A 10-week Vacation from Corporate Welfare
The lunch truck of corporate incentives got rolling again after a brief period of respite – the 10 weeks between June 15 and Aug. 24, the life span of a moratorium on corporate incentives imposed by Guilford County commissioners.
Within five weeks of the moratorium’s demise, the News & Record reported three requests for corporate welfare from Triad businesses totaling about $440,000.
It actually took longer than we thought for the upturned palms to show up, the begging cups and blind-man shades.
Because these three companies, all with standing ties to the Triad, are hurting, people. Times are tough, despite what the economic figures pirouetting from the White House say; time to tighten belts and whatnot.
Carolina Precision Plastics in Asheboro, for instance, wants to open a companion plant in Greensboro and has informed the county commissioners that $150,000 will grease the wheels nicely to advance that goal, estimating 150 full-time jobs and a $5.5 million investment from the project.
The company is comfortable with big numbers like that – in July they acquired the assets of another plastics company, Augros, Inc., with revenues of $10 million, bringing CPP’s annual sales into the neighborhood of $30 million.
Lodging by Charter, a company that makes furniture for hotels, is looking to beef up their High Point operations, proposing 57 new jobs and $2.5 million in investment. And if we’ve got an extra $114,000, that would sure help out.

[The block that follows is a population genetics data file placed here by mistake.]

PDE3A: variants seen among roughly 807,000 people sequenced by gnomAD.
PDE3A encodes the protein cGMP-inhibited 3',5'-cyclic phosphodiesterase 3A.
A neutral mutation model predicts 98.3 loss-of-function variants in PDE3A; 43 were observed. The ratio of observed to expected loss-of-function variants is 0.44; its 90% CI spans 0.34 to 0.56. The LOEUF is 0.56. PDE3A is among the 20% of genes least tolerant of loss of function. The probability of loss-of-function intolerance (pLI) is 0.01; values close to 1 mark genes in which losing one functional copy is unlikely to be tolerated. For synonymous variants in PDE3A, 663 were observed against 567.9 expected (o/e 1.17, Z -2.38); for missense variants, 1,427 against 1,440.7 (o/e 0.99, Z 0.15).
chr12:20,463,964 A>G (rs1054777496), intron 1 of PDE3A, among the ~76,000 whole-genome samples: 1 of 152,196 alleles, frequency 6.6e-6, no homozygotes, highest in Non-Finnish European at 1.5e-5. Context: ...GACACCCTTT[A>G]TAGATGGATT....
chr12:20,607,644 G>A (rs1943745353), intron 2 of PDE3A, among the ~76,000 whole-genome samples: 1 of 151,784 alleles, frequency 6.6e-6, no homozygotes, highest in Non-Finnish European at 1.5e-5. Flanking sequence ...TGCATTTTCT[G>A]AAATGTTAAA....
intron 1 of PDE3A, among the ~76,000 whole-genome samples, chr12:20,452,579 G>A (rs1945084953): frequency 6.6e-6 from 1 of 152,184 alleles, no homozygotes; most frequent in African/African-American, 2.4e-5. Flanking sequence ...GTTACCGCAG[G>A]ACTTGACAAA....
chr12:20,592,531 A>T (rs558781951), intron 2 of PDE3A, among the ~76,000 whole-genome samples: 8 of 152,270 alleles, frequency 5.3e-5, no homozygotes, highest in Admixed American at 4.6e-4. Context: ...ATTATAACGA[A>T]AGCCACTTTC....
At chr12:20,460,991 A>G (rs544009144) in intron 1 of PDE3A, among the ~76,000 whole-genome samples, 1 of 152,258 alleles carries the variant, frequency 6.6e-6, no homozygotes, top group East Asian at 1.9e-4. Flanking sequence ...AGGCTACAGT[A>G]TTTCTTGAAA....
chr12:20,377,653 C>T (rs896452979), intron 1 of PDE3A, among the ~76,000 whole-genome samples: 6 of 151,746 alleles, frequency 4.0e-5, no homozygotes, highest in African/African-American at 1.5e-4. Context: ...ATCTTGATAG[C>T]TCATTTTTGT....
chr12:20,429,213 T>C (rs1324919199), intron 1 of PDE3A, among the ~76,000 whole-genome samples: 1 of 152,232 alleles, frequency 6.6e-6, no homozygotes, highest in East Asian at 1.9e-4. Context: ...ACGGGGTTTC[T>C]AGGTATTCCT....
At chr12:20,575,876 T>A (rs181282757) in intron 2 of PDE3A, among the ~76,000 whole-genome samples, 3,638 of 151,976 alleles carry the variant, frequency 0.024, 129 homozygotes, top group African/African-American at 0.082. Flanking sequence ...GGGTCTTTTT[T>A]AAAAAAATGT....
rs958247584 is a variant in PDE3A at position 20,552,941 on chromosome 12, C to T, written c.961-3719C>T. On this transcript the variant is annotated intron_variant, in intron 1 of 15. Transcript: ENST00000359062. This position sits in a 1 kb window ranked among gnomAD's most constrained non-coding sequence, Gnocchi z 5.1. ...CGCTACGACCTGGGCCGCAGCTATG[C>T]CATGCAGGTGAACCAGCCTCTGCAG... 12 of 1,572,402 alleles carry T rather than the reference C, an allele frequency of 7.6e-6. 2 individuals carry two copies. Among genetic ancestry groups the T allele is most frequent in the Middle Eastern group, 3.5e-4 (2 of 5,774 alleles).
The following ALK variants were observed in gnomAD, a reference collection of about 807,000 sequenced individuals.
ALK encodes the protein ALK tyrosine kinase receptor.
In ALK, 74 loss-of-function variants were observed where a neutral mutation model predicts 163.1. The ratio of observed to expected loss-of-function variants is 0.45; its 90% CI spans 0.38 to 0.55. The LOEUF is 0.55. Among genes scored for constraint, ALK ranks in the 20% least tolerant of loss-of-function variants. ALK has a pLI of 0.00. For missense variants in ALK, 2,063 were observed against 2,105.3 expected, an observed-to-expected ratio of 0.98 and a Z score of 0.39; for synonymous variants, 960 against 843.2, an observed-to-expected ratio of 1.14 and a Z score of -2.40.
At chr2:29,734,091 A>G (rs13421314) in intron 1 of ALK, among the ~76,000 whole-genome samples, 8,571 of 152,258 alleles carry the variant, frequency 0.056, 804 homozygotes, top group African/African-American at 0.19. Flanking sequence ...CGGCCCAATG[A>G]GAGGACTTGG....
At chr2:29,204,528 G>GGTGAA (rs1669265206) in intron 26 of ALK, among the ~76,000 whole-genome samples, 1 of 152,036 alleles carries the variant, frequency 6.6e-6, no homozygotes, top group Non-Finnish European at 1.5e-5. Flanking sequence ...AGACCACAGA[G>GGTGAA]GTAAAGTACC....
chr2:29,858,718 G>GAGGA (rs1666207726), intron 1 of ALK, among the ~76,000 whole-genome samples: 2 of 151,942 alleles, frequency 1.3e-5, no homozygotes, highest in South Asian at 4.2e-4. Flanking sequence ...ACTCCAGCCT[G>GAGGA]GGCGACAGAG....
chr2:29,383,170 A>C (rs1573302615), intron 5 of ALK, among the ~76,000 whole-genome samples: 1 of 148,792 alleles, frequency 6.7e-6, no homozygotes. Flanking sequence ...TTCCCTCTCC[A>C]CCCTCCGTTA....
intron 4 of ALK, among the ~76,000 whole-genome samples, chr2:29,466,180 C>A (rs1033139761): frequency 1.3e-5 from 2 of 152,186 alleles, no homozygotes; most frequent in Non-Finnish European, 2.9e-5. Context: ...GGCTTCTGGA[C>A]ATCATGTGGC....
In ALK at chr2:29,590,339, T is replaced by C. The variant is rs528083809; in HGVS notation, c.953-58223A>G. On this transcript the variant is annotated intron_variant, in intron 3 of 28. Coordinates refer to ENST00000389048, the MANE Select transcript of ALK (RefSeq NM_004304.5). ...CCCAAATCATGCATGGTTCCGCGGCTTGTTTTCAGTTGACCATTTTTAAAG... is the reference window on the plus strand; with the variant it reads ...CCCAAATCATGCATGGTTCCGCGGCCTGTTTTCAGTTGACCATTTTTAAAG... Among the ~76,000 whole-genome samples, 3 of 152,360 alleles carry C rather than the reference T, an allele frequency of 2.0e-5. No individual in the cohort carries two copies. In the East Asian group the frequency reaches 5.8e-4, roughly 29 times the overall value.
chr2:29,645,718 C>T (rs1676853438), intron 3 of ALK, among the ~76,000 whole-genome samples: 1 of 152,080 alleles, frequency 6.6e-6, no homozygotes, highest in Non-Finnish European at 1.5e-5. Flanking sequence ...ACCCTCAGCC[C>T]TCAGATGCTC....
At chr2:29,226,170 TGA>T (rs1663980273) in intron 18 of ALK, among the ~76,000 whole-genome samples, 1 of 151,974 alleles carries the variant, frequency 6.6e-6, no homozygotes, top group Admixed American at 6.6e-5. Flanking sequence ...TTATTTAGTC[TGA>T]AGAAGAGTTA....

But if Lodging by Charter were a broke college student, we’d probably tell her to call her wealthy parents instead of asking for a handout from the county. And Lodging by Charter has a rich daddy: Brown Jordan International, a $400 million luxury furniture behemoth with 2,000 employees and home offices in Pompano Beach, Fla.
Kay Chemical, the third impecunious corporate citizen looking for the county coffers to absorb the cost of its growth, wants $180,000 (that’s in addition to the $120,000 pledged by the Greensboro City Council) for 25 new jobs and $12 million in equipment.
Kay Chemical is a Greensboro-based company that provides sanitizing services and products for fast-food restaurants and they already employ nearly 350 people in town.
They also were acquired by Ecolab for $94 million in 1994; Ecolab issued 4.5 million shares of stock to cover 100 percent of Kay. Ecolab does about $4.7 billion – with a ‘b’ – in business annually.
Shares of Ecolab stock, which trades on the NYSE under the symbol ECL, sold in 1994 for about $5. As of last week, these same shares garner about $45, a 900 percent increase.
Makes us wish we gave $120,000 to them 10 years ago in the form of a stock purchase.